Do thinking styles play a role in whether people pathologise their pornography use?

Duffy, Athena and Dawson, Dave and Moghaddam, Nima and Das Nair, Roshan (2019) Do thinking styles play a role in whether people pathologise their pornography use? Sexual and Relationship Therapy . ISSN 1468-1994

Full content URL: https://doi.org/10.1080/14681994.2017.1412417

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Do thinking styles play a role in whether people pathologise their pornography use?

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Item Type:Article
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Abstract

The concept of pornography addiction remains controversial and as such there are no diagnostic criteria. Despite this, individuals present to services with self-perceived problematic pornography use. Current treatment generally focuses on the pornography use, yet people's relationship with pornography is complex, and other factors may be relevant for therapy. Drawing on cognitive theory literature, this study explored whether thinking styles, influenced how people evaluate their pornography use. Self-reported (n = 265) “pornography addicts”, “somewhat pornography addicts”, and “non-addicts” were compared on their perceived effects of their pornography use, cognitive distortions, impact of religious beliefs, social desirability, and shame, within the values theory framework. Findings showed that groups differed significantly in their propensity for cognitive distortions, reported effects of their pornography use, the impact of their religious beliefs, and time spent viewing pornography. Significant differences were not found for the shame scales or social desirability. Regression analysis demonstrated that thinking styles mediated the relationship between time spent viewing pornography and the overall perceived negative impact of pornography. In light of this study's findings, thinking styles should be a focus in future research and treatment as it may help to reduce cognitive dissonance and engender agency.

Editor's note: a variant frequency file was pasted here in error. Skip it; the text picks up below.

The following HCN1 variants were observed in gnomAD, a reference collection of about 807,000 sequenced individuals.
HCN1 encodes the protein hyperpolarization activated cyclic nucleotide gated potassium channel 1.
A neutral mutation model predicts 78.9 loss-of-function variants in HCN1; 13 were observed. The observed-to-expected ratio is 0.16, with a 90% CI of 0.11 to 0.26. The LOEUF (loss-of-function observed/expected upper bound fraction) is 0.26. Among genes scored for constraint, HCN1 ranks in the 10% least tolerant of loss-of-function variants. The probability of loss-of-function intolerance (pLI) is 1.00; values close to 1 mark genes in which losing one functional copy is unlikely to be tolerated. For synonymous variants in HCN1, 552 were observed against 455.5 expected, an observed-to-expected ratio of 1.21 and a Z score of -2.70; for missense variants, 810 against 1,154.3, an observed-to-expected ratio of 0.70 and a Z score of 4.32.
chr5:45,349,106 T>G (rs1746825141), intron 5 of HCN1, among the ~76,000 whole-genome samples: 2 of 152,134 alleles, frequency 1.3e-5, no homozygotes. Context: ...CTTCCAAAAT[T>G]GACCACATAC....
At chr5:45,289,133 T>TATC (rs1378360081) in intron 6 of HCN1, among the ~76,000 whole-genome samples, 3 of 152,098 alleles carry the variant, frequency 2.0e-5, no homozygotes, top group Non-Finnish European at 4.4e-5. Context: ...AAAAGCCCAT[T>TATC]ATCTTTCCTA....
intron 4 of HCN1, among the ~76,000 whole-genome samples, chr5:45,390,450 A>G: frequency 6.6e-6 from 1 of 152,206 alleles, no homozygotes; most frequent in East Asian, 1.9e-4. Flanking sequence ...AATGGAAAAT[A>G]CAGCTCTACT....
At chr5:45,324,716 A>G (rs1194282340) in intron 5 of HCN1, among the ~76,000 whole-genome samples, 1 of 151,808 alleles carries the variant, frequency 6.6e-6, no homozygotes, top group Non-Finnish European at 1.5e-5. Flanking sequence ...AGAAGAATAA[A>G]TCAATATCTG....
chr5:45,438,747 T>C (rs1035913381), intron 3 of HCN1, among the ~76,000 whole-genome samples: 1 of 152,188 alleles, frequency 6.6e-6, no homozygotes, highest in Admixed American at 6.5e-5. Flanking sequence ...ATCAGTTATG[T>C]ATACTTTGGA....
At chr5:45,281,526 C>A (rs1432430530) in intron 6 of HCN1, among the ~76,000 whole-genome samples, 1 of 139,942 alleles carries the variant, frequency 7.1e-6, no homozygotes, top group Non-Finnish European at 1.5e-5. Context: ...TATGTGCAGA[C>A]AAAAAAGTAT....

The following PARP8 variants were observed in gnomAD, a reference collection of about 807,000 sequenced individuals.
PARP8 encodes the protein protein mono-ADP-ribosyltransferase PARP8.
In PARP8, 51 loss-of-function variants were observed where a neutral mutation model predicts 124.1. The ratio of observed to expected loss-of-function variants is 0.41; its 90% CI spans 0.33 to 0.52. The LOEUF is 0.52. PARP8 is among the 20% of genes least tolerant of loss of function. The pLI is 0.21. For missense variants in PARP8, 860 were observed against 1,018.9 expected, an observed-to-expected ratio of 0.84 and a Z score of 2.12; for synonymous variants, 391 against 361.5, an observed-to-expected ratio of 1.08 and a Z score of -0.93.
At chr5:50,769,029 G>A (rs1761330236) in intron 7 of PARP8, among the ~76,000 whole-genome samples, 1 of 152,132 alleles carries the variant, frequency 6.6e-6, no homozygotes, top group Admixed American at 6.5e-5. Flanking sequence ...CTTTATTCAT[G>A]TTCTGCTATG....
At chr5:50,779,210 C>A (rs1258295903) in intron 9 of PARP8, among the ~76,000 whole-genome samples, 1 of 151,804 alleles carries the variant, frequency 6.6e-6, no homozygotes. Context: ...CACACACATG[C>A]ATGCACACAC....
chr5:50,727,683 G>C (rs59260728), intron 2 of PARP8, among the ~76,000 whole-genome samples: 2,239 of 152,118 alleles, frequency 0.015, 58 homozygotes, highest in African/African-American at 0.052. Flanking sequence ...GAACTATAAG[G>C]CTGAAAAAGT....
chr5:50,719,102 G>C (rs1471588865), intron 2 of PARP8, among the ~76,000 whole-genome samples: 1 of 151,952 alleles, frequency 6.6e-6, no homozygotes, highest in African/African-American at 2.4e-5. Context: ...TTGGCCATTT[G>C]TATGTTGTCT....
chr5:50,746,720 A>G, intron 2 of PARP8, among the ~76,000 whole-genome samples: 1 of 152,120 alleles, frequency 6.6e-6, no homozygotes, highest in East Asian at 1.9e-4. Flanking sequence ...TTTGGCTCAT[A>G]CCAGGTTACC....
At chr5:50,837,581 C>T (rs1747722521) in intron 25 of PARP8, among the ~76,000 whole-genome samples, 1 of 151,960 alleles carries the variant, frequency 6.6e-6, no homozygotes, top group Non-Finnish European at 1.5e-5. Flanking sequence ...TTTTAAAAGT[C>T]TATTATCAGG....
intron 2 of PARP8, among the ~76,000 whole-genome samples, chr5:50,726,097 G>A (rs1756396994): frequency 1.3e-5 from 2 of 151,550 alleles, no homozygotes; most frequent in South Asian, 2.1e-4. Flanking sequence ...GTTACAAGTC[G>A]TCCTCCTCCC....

Keywords:pornography, addiction, thinking styles, shame
Subjects:C Biological Sciences > C840 Clinical Psychology
Divisions:College of Social Science > School of Psychology
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ID Code:30233
Deposited On:07 Feb 2018 13:18

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